When online estate agents raise capital, buy Rightmove shares

Online agents, which have been active in the market since 2008, are largely unprofitable businesses.

This is typified by the large amounts of capital being raised to maintain such small businesses. Online agents collectively control less than 4% of Rightmove listings in 2015.

Emoov, an online agent which launched 5 years ago and claims to have 16% of online agency property listings is raising yet more investor capital. 

Trashing competitors

In an interview with Property Industry Eye, Emoov CEO Russell Quirk has brazenly attacked his online agency competitors

House Simple, it says, where Carphone warehouse founder Sir Charles Dunstone has put £5m into the business, has poor customer reviews and weak technology.

Sarah Beeny’s Tepilo is described as offering “poor customer service”. Estates Direct, whose chairman is ex-Poundland founder Steve Smith, is said to have “very poor ranking and listing volumes, they have also priced themselves out of the market”.

Hatched is described as “having problems with senior management, no SEO, very poor tech and lack of automation, mainly lettings focused”.

It reflects poorly on the prospects of his own business. Consider, using his own numbers, those competitors control 84% of online agency sales listings. 

Only Purplebricks escaped criticism. But how could he criticise a business which has gone from zero to his equal within 18 months?

Purplebricks is generating a lot of its traffic through a large TV advertising spend, with Tepilo also launching a TV advert today.


Emoov by the numbers

The key takeaway: continued hate of estate agents is providing the likes of Russell Quirk with an alternative revenue stream. Not from customers, but from investors.  

Below is a snapshot of Emoov's financial projections from its Crowdfunding campaign.  

"Not a reliable indicator of future performance...."

"Not a reliable indicator of future performance...."

The numbers state Emoov raised £1.5m of capital last year, aims to raise another £1.8m this year (2015) and a further £5m of investor capital in 2016.

There's a clear red flag in just that one row of Emoov's financials: after five years it still isn't operating a sustainable business model.

So what changes to take Emoov from a (EBITDA) loss of £633k last year, and a projected loss of £2m this year, to a £10.7m profit in 2018?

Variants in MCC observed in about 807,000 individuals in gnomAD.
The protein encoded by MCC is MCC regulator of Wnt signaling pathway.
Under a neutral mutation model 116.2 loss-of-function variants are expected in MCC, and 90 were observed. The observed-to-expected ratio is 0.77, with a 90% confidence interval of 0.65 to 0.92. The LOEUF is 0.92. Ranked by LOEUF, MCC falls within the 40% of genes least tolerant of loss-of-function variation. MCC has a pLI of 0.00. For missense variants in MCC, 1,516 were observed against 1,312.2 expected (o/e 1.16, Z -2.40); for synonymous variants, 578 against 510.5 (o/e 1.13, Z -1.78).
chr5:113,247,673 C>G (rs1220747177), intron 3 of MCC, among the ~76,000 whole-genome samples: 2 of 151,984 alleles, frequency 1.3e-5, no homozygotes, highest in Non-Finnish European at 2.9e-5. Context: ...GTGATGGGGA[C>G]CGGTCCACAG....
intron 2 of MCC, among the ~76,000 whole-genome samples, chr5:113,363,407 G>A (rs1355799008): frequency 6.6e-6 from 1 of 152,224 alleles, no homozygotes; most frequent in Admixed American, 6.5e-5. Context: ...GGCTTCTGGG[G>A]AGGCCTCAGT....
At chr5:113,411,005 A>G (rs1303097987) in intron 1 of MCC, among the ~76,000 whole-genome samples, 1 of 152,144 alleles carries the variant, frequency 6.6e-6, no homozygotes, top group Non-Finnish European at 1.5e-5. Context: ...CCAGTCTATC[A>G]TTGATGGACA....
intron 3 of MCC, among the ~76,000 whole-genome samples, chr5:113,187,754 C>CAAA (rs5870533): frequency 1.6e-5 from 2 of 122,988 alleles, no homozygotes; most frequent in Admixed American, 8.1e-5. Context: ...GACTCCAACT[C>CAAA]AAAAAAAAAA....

Emoov made a 22% gross margin on its fees last year. It projects a 20% gross margin this year (leading to the £2m loss).

But suddenly, it seems, Rightmove is going to lower its fees for all that additional stock Emoov will list on the portal, as the gross margin 'jumps' to 50%.

For a mature business which has been running for five years to more than double its gross margin would be an incredible feat; and one I would say is pretty much impossible, especially in the timeframe suggested.

In the vein of remaining super clear, Emoov's own financials state it generated revenue of £1.3m last year. Previous years accounts have not been made available, for understandable confidence reasons. 

If Emoov had 1% of UK property sales listings, at a fee level of £595 the company would generate £7.1m in revenue. 

UK estate agents generated an estimated £6bn in sales fees last year. With that in mind, Emoov is leaving a lot of money on the table, to chase explosive growth in sales volumes that haven't materialised in the five years to date.

A tech play?

It's pretty plain the Emoov (and online agents in general) are not the rocket ship they persuade their investors into believing they are.

Worse, it seems there is no end to the equity dilution investors will face as Emoov continues to raise capital year-after-year to paper over the cracks of a business which the house selling public isn't all that enamoured with.

The justification from Russell Quirk is that Emoov is a tech play:

“Simon Murdoch, our biggest single investor, is interested in technology. He would not be interested in a four or five branch agency.”

He also draws parallels with how high street industries such as travel, car insurance and recruitment went online a few years ago, offering savings to the public as they did so. Quirk says that today 70% of insurance business is placed online, and 60% plus of holidays are booked over the internet. He says it is “inevitable” that home sales will follow.

“Just to build the platform costs £1m. The salaries associated with having a world class business are eye watering. We have had to hire guys who could be working for Spotify or in any other the other tech companies, but they have chosen to work for us because they believe in what we are doing.”

It's interesting that Russell admits they haven't built the tech yet. Especially considering there's been zero evidence of innovative technology to date.

And that is the key: Emoov is not a tech business.

It doesn't have 'sticky' customers who will come back. You sell a home once every 8 to 15 years.

The economics of an Airbnb or an Uber don't play out in real estate, especially a low-fidelity service such as Emoov.

The main evidence about the lack of technology is the lack of Emoov press releases about its technology. Russell Quirk isn't shy about the ole Press Release send button. 

Hear Emoov, buy Rightmove

What is clear for observers is the continuing transfer of capital from unprofitable online agents to the high margin, profitable businesses run by Rightmove and Zoopla.  

For these two portals, the cost of servicing online agents is close to zero. But the fees paid to Rightmove and Zoopla by online agents increases on a per listing basis.

More online agent marketing spend = more Rightmove revenue  

If you have spare cash to invest, and would like a stellar return, I'd recommend buying Rightmove shares every time an online agent raises capital.

It is Rightmove after all that makes all the profit, while Emoov takes on all the costs.